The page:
This was precisely the reason why I decided that I had to buy a ticket out of the Bay Area when I got my chance. I read most of the answers. There are really nice advice from different approaches. There is surely destiny. There is no doubt about it. You are born in a particular home, you are born as a human being, the color of your eyes, the situations of your birth, everything that goes around you in the universe, all that is destiny.

So there is a lo If you're from a family without money, one of the downsides is that the vast majority of your friends will require you to do things that involve money, and your friends will get awkward if you can't afford to go do things with them. If you're a first-generation college student, and you don't know much about the expectations of college courses some of us do get through , Stanford classes basically assume you have decent knowledge of the entire class prior to taking it, particularly in math and engineering.

One of the downsides of taking classes at Stanford University is that the academics are goddamn hard, and if you haven't been trained to "do school" at a prep school, or coasted through your easy high school, you are in for a world of pain. A little further consideration made me realize I left out a few downsides of Stanford grad school in particular: If you're not an elite student yet, you either will be by the end of it, or you will probably drop out.

If being an elite student is not your goal, do not go to an elite school for graduate school. There is a huge amount of pressure on Stanford graduates to be stellar, because of the reputation of the school and its position in the world right now. This pressure can be too much for people - we had at least a few crack from the pressure in my class. You are expected to have all the agency, all the proactivity, all the willingness to do all the things, all the time.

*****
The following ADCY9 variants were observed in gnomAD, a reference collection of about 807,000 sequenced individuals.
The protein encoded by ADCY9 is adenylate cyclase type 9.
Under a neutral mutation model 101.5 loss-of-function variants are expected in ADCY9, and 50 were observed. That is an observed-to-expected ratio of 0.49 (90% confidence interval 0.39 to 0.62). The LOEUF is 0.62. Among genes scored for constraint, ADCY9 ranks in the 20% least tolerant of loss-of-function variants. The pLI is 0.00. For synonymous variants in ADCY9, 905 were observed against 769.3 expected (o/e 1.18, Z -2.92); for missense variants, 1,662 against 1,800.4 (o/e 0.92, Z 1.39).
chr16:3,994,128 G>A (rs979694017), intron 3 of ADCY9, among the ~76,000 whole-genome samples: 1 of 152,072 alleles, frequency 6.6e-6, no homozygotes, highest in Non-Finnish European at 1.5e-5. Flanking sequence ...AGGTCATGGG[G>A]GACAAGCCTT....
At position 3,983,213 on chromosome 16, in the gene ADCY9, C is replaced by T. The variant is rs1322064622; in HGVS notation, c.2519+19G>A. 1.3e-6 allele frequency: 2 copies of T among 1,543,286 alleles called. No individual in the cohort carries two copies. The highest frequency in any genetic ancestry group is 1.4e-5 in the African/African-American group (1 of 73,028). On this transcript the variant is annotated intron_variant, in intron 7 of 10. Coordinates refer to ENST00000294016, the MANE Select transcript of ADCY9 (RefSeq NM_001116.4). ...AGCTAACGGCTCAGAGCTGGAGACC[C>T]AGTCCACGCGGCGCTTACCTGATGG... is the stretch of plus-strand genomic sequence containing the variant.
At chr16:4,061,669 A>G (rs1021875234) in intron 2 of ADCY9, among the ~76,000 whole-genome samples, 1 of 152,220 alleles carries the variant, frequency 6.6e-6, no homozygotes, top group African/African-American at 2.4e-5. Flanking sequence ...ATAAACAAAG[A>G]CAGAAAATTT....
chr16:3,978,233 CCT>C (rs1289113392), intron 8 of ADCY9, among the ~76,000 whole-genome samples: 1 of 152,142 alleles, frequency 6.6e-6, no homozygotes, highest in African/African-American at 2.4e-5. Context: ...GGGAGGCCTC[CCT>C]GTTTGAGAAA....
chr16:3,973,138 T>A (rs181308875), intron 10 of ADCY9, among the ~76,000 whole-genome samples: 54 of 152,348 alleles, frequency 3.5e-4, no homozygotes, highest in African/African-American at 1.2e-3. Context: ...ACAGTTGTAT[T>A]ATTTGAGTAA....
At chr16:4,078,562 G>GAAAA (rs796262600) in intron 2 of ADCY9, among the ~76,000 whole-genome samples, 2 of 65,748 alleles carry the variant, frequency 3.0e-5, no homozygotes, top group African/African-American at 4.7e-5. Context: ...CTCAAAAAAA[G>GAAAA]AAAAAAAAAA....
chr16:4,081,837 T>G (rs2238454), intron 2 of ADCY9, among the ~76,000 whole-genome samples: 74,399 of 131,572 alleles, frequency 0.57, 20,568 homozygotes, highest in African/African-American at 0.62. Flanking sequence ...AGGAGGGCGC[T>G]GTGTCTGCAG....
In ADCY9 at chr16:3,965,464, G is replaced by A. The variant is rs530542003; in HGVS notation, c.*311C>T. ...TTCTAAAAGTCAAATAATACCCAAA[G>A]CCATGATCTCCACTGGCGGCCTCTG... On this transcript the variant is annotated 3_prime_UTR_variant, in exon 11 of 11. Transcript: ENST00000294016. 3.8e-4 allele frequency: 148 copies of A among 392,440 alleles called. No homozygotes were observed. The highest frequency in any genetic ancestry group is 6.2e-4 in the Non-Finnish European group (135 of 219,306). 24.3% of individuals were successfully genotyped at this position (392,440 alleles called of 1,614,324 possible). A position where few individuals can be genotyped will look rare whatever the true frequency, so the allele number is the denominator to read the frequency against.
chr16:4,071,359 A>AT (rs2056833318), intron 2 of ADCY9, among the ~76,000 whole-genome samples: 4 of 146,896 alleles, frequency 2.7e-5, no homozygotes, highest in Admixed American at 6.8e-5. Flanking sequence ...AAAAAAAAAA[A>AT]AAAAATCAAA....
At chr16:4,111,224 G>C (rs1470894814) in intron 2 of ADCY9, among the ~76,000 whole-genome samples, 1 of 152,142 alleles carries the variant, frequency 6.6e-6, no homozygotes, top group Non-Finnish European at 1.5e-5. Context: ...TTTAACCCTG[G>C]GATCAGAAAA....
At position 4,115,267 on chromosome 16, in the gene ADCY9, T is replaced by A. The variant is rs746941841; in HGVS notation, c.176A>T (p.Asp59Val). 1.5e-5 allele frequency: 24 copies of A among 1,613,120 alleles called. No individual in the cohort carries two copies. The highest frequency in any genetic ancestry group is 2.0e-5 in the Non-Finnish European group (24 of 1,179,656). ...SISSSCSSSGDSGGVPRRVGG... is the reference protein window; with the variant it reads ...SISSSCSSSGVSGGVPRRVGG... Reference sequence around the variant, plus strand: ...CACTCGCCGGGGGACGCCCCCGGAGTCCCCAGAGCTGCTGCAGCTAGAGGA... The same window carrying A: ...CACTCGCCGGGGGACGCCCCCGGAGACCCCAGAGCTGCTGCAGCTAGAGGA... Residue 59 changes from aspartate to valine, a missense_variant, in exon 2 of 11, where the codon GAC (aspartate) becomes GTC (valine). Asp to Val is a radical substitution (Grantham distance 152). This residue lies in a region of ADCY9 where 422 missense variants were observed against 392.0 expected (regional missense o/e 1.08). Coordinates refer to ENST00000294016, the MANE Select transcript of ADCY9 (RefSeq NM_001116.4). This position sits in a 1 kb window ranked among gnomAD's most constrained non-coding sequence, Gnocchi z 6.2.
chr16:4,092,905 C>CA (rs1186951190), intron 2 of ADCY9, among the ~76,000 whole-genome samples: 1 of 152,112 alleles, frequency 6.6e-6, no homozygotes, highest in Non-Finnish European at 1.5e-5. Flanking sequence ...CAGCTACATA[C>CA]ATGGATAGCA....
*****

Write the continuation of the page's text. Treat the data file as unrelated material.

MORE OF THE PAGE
Not all of them. But it can be hard to adjust to, especially if you've come from a nurturing institution for undergrad. I wanted to make sure the under pressure part comes through.

I met students who, at the start of their first quarter in Stanford grad school were super fresh-faced and happy, and at the end of it, said they felt like they'd been hit by a Mack truck of knowledge, and looked like zombies who had not slept in weeks. If you're not down with noise, living on campus can be noisy. It can be hard to keep normal sleeping hours. The landscaping people like landscaping outside at 8 am on weekends, which can be complete BS. The amount of cheating is obscene. In NLP last year, Prof Manning publicly condemned many students' behaviour of staying on 15 min after the midterm ended, refusing to give up their paper.

A friend has recounted seeing someone take out a freaking computer during an exam, an act they may have believed themselves able to get away with because the archaic honor code prevents proctors from being in the same room as students during exams. What are the downsides of attending Stanford University as a graduate student?

Have you done the 10k year challenge? Advance through the ages of human history and into the future in this award-winning city building game. You dismissed this ad. The feedback you provide will help us show you more relevant content in the future. I had very simple expectations for myself. I was going to learn how to lead a project.

I was going to learn how to run some complicated experiments. I was going to learn how to learn. I was going to learn how to present. I was going to get a publication. I was going to get a nice boring job at a nice boring company and make drugs.

As a non-native English speaker, how can I improve my accent? Updated Apr 17, I want to summarize whole answers and add one. Here are the suggestions for improving accents: What are the downsides of attending Stanford as an undergrad? What does Stanford University look for in a student? What do Stanford graduate students think of Stanford undergrads? Does Stanford University still offer non matriculated study for graduate students?